Comino I.,University of Seville | Real A.,University of Seville | De Lorenzo L.,University of Seville | De Lorenzo L.,CSIC - National Center for Biotechnology | And 7 more authors.
Gut | Year: 2011

Background and aims: Coeliac disease (CD) is triggered by an abnormal reaction to gluten. Peptides resulting from partially digested gluten of wheat, barley or rye cause inflammation of the small intestinal mucosa. Previous contradictory studies suggest that oats may trigger the abnormal immunological response in patients with CD. Monoclonal antibodies (moAbs) against the main immunotoxic 33-mer peptide (A1 and G12) react strongly against wheat, barley and rye but have less reactivity against oats. The stated aim of this study is to test whether this observed reactivity could be related to the potential toxicity of oats for patients with CD. Methods: In the present study, different oat varieties, controlled for their purity and by their distinct protein pattern, were used to examine differences in moAb G12 recognition by ELISA and western blot. Immunogenicity of oat varieties was determined by 33-mer concentration, T cell proliferation and interferon γ production. Results: Three groups of oat cultivars reacting differently against moAb G12 could be distinguished: a group with considerable affinity, a group showing slight reactivity and a third with no detectable reactivity. The immunogenicity of the three types of oats as well as that of a positive and negative control was determined with isolated peripheral blood mononuclear T cells from patients with CD by measurement of cell proliferation and interferon γ release. A direct correlation of the reactivity with G12 and the immunogenicity of the different prolamins was observed. Conclusions: The results showed that the reactivity of the moAb G12 is proportional to the potential immunotoxicity of the cereal cultivar. These differences may explain the different clinical responses observed in patients suffering from CD and open up a means to identify immunologically safe oat cultivars, which could be used to enrich a gluten-free diet.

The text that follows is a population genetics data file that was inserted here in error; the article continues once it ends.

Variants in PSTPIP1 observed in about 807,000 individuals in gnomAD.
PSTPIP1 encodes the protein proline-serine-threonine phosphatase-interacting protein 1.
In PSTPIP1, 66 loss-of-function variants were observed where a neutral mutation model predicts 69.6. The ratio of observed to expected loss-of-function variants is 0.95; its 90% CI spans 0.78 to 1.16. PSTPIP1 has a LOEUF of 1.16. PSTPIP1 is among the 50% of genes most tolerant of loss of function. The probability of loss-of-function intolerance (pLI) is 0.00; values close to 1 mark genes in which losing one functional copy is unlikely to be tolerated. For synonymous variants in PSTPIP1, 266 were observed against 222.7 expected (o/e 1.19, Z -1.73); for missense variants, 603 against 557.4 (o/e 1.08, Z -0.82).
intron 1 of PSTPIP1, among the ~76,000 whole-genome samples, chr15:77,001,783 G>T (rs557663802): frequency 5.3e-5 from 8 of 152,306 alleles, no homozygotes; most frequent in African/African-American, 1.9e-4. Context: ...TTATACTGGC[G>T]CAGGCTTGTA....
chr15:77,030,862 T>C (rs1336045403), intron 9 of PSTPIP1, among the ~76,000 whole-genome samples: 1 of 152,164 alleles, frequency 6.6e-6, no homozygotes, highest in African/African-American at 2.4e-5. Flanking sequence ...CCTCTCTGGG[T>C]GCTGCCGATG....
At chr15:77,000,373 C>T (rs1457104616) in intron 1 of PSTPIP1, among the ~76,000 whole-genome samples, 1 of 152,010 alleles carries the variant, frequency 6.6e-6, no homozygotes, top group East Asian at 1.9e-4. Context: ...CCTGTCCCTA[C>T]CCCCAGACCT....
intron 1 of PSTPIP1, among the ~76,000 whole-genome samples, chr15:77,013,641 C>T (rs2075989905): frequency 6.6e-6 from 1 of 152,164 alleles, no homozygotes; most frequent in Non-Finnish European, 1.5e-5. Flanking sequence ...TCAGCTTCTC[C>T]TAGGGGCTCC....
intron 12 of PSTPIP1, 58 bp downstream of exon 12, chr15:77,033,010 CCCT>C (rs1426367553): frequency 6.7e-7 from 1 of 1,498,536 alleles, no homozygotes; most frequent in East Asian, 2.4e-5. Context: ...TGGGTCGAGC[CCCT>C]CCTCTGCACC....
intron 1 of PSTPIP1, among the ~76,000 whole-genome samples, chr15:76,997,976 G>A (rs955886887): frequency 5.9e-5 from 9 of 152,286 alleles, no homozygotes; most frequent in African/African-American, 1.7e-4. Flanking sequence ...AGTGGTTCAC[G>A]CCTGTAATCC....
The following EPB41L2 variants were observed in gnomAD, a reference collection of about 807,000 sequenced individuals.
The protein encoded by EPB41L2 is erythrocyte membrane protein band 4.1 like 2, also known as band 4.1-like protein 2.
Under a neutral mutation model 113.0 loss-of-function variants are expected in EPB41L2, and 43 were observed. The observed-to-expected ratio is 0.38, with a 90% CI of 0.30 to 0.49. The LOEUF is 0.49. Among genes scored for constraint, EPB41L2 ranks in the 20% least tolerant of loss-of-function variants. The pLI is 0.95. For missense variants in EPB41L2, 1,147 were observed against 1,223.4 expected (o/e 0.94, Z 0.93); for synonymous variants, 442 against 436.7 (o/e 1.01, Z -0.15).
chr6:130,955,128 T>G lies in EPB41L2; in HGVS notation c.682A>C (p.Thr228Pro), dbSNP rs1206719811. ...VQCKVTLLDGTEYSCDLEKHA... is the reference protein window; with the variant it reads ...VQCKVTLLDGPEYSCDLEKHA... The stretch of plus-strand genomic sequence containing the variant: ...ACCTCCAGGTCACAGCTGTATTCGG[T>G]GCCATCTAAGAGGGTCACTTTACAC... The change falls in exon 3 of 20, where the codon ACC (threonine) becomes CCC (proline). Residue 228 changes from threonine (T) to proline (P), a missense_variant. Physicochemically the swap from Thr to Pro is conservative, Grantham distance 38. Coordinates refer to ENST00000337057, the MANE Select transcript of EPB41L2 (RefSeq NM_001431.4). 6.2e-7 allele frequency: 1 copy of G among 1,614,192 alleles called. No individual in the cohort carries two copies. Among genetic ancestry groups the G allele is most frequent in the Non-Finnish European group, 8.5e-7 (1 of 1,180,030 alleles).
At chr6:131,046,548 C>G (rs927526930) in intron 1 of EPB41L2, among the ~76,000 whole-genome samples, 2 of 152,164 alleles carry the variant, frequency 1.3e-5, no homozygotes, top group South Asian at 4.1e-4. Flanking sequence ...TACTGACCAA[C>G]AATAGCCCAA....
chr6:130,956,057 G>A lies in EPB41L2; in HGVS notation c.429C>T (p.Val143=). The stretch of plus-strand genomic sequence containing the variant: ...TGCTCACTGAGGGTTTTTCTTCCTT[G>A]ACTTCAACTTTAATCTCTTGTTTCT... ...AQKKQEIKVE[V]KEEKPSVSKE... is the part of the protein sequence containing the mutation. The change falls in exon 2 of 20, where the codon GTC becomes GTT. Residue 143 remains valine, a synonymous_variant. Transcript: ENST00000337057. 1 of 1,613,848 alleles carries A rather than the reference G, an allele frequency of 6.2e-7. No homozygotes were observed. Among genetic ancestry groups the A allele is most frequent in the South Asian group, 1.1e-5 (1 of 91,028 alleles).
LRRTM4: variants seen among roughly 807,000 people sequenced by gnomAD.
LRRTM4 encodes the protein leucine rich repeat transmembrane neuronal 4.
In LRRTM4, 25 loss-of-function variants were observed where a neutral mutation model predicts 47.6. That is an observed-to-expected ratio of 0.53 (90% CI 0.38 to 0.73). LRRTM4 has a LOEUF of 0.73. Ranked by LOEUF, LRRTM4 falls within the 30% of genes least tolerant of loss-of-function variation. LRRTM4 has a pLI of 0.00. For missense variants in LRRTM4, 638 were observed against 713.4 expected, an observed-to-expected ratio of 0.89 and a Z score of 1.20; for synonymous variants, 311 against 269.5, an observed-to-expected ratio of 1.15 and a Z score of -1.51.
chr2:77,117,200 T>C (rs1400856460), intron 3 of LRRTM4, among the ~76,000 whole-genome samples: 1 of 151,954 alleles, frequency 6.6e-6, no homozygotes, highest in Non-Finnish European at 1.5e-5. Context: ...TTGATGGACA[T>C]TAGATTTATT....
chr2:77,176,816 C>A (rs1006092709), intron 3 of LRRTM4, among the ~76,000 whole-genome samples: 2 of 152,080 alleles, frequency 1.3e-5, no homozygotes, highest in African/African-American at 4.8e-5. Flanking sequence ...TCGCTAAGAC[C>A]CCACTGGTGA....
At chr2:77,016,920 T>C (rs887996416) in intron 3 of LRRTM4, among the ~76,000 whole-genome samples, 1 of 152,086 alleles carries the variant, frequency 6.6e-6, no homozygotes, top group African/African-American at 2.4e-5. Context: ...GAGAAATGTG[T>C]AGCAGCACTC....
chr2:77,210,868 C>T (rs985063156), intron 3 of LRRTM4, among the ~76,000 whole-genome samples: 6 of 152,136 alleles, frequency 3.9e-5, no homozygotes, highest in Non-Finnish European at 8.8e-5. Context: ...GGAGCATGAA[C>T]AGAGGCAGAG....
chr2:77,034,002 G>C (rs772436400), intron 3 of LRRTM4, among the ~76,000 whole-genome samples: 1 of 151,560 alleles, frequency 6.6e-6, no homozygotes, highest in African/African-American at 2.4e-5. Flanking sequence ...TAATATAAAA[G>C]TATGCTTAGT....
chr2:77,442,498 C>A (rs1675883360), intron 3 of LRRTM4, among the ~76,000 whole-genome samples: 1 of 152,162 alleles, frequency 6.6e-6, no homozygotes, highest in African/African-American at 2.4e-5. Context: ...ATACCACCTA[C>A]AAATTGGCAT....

PubMed | Campus Universitario Las Lagunillas, Biomedal S.L., University of Seville and Hospital Virgen Of Las Nieves
Type: | Journal: Food chemistry | Year: 2016

The available immunomethods for gluten quantitation could underestimate or overestimate the net immunoactivity of foods and beverages if the chosen analytical antibody is not specific to the relevant gluten immunogenic peptides (GIP). Accurate detection of the most active GIP is desirable to assess the potential celiac toxicity of food. We evaluated the capacity of the G12 monoclonal antibody for selectively depleting GIP in samples from two different gluteomes. Samples of hydrolyzed gliadin from wheat and a barley beer were used. The input (starting peptide digest of prolamins), the flow-through (unbound peptides), and the output (captured peptides) were analyzed by G12 and R5 competitive ELISA as well as by stimulation assays of T-cells from celiac patients. Most of the GIP were retained by the G12-agarose and represented the largest part of the immunogenicity of the gluten peptidome. G12 immunodepletion experiments with hydrolyzed gluten showed that this antibody reacted with those with the highest immunoactivity for celiac patients.